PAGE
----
Located between solar modules and the power grid, the solar inverter is the heart of a solar installation. It converts direct current from solar cells into grid-compatible alternating current. With grid-independent power, it forms an independent power supply for all AC-operated electrical appliances into which further solar inverters can then also feed. This is also the case for backup systems.
However the solar inverter does not only function as a current transformer. As the multifunctional heart of a wide variety of photovoltaic systems, the solar inverter also fulfils a wide range of other tasks:
- Monitoring and controlling of the entire photovoltaic system
- Helps achieve maximum performance
- The recording of all operating data
- For grid-connected systems, automatic disconnection from the grid is possible if required
- Interruption of the grid supply
- Protection of the network against overloading
- For mains-independent backup systems, switching from mains to emergency power within a few milliseconds in the event of a power failure - for an uninterrupted power supply.
Numerous inverters in various performance classes are available on the market. Your IBC SOLAR specialist partner knows the differences and will know which one is right for you. They will also ensure the correct installation at a suitable location.
What is a solar inverter?
A solar inverter has the important task of converting the direct current generated in the solar modules into alternating current and making it usable for the public power grid. It is therefore an indispensable part of the photovoltaic system: the operation of electronic devices with solar energy is only possible by means of current conversion.
Inverters have an input side (for direct current, abbreviation: DC), which has one or more DC controllers with MPP tracker that are controlled by a microprocessor. In the next stage, the actual transformation of the energy takes place in the form of alternating current (abbreviation: AC), which is subsequently passed on to the output side. From there, it is stored in the power grid. Inverters are available in various versions. Nowadays, there are models with or without transformer (transformer). However, modern inverters often have no transformer and thus have a higher efficiency. In addition, a distinction is made between three different inverters for photovoltaic plants. These are briefly described and explained in more detail.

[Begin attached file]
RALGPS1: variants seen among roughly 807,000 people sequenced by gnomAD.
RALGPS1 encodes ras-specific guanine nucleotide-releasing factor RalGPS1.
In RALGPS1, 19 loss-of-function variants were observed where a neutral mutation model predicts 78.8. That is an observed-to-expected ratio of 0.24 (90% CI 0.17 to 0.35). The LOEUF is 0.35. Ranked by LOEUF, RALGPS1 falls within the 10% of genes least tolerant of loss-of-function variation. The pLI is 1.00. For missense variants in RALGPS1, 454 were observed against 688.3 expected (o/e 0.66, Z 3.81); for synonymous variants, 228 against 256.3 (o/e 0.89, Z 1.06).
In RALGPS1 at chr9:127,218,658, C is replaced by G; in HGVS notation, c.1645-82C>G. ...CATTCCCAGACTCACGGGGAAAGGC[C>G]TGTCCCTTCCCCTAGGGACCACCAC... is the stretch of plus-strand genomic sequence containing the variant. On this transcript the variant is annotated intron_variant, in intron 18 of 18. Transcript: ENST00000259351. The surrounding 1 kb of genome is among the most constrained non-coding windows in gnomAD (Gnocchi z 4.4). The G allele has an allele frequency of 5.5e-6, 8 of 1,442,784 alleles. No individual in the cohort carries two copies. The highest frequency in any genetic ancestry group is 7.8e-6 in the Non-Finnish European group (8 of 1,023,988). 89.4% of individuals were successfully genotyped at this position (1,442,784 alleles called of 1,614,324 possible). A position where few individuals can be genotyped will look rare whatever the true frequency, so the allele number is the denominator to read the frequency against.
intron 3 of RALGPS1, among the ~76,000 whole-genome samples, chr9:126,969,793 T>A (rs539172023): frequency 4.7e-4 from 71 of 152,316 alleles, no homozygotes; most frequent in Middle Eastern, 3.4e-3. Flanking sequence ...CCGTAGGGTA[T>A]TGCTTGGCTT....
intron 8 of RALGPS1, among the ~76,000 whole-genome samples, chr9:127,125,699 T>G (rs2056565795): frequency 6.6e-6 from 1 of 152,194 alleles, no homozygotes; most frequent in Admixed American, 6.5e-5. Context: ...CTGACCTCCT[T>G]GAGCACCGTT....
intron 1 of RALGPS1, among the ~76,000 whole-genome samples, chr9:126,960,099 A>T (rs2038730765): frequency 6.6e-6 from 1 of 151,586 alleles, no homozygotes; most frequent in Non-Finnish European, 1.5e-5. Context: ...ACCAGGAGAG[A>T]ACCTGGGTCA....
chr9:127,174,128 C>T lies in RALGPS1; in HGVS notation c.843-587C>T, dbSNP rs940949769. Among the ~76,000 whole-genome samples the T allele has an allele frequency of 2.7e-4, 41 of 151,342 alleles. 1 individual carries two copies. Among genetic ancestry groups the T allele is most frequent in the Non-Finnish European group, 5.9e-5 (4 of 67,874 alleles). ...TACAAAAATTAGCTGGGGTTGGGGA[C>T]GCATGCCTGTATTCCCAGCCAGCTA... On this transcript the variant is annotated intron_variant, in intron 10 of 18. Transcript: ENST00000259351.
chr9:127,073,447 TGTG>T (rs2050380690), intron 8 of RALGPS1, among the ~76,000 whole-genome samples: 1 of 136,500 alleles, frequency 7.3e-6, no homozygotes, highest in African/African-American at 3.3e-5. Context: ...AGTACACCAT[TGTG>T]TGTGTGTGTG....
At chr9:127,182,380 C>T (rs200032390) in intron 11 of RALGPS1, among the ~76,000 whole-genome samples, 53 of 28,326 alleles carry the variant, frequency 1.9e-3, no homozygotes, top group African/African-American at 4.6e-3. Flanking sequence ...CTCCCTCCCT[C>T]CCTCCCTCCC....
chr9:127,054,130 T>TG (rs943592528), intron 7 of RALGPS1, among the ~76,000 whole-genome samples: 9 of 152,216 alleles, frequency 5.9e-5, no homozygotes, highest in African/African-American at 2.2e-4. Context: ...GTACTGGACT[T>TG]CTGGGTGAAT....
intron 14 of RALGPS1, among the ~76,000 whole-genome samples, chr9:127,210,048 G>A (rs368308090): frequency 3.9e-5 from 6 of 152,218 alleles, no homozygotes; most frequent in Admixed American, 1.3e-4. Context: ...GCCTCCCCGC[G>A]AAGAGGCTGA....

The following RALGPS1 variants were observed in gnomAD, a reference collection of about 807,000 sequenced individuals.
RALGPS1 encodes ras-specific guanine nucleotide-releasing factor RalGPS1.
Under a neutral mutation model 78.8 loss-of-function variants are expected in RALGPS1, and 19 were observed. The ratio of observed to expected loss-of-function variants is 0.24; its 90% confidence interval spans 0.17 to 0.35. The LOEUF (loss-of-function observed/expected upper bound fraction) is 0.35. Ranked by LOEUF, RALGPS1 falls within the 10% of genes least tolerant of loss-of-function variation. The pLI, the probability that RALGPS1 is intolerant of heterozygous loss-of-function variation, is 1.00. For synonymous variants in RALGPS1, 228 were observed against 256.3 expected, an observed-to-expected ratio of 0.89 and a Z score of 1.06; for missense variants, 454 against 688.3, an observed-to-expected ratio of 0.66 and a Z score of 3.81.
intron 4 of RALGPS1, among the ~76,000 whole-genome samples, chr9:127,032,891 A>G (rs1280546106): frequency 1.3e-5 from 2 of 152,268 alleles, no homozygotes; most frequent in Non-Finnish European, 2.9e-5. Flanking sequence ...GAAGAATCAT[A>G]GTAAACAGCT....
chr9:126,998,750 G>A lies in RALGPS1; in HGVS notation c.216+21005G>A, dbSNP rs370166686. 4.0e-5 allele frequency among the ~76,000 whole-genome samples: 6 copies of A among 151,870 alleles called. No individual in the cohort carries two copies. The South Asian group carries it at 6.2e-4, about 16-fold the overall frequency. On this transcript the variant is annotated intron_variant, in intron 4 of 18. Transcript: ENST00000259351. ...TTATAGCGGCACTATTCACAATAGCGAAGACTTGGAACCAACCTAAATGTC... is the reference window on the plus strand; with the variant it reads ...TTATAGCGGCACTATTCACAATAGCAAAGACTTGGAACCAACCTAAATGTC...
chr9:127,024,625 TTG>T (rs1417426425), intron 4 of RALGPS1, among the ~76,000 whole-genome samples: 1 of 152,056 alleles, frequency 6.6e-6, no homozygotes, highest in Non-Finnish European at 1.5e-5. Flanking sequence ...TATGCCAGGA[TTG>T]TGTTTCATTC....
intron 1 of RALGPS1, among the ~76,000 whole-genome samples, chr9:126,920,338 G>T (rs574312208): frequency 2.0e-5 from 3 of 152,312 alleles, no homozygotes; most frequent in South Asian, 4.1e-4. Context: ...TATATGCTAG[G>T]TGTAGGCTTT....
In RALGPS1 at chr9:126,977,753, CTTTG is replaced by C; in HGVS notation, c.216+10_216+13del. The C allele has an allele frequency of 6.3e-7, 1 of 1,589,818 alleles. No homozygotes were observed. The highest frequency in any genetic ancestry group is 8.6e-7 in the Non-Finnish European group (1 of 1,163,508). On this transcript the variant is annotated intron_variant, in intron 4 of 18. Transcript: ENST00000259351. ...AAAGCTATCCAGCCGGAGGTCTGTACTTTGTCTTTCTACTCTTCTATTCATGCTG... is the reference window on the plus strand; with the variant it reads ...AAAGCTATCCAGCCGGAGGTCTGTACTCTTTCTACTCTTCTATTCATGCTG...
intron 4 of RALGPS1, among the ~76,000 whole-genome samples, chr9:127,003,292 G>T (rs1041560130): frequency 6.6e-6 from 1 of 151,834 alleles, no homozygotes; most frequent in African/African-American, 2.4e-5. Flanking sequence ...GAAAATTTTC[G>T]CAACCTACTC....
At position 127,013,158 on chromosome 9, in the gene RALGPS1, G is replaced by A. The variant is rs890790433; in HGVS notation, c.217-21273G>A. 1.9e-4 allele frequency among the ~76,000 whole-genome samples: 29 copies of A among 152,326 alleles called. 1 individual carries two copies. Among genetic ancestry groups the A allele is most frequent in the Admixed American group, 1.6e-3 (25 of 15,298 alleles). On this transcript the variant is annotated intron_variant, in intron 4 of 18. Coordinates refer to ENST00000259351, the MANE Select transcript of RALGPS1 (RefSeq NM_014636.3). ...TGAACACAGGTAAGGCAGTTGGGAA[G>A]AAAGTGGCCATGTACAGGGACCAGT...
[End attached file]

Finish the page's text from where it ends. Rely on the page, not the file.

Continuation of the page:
Solar inverters: models and designs
Inverters for photovoltaic plants must meet a number of requirements in order to profit economically in the long term. Modern models are quickly and flexibly adapted to the amount of solar energy generated, e.g. changes in cloud cover and weather fluctuations. The solar inverter should achieve its highest efficiency both at high and low input voltages. Depending on the size and location of the photovoltaic system, the respective inverters need to have different characteristics. Always applies: The inverter should be matched to the photovoltaic system in a manner appropriate to the needs of the customer.
This type of solar inverter is connected directly to the respective solar module. Each solar module thus has its own inverter. Microinverters are used mainly for small solar systems or for solar systems with different orientations of the solar modules.
Several solar modules are interconnected in series and form a strand (or string). A string inverter thus connects a whole series of connected photovoltaic modules to the public power grid. This form is now widely used as it offers a wide range of applications and a good price / performance ratio. String inverters are suitable for small household systems as well as for large free-standing systems.